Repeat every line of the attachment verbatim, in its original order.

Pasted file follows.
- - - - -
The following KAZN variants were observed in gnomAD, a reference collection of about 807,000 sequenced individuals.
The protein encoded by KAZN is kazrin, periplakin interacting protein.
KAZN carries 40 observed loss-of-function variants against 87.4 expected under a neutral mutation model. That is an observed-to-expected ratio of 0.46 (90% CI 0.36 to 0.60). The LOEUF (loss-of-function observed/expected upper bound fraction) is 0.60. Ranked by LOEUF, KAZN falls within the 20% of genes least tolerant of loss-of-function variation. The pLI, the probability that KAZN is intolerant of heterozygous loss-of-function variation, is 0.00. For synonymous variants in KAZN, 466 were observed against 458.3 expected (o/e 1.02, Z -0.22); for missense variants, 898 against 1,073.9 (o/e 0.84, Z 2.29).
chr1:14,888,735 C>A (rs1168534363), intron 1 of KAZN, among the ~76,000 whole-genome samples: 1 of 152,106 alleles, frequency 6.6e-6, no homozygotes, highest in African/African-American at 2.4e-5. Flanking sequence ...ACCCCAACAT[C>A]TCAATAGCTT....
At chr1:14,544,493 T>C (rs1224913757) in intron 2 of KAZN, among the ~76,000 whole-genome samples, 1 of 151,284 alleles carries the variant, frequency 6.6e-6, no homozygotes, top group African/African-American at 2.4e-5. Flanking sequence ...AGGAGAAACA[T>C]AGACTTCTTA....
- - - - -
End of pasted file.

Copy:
The following KAZN variants were observed in gnomAD, a reference collection of about 807,000 sequenced individuals.
The protein encoded by KAZN is kazrin, periplakin interacting protein.
KAZN carries 40 observed loss-of-function variants against 87.4 expected under a neutral mutation model. That is an observed-to-expected ratio of 0.46 (90% CI 0.36 to 0.60). The LOEUF (loss-of-function observed/expected upper bound fraction) is 0.60. Ranked by LOEUF, KAZN falls within the 20% of genes least tolerant of loss-of-function variation. The pLI, the probability that KAZN is intolerant of heterozygous loss-of-function variation, is 0.00. For synonymous variants in KAZN, 466 were observed against 458.3 expected (o/e 1.02, Z -0.22); for missense variants, 898 against 1,073.9 (o/e 0.84, Z 2.29).
chr1:14,888,735 C>A (rs1168534363), intron 1 of KAZN, among the ~76,000 whole-genome samples: 1 of 152,106 alleles, frequency 6.6e-6, no homozygotes, highest in African/African-American at 2.4e-5. Flanking sequence ...ACCCCAACAT[C>A]TCAATAGCTT....
At chr1:14,544,493 T>C (rs1224913757) in intron 2 of KAZN, among the ~76,000 whole-genome samples, 1 of 151,284 alleles carries the variant, frequency 6.6e-6, no homozygotes, top group African/African-American at 2.4e-5. Flanking sequence ...AGGAGAAACA[T>C]AGACTTCTTA....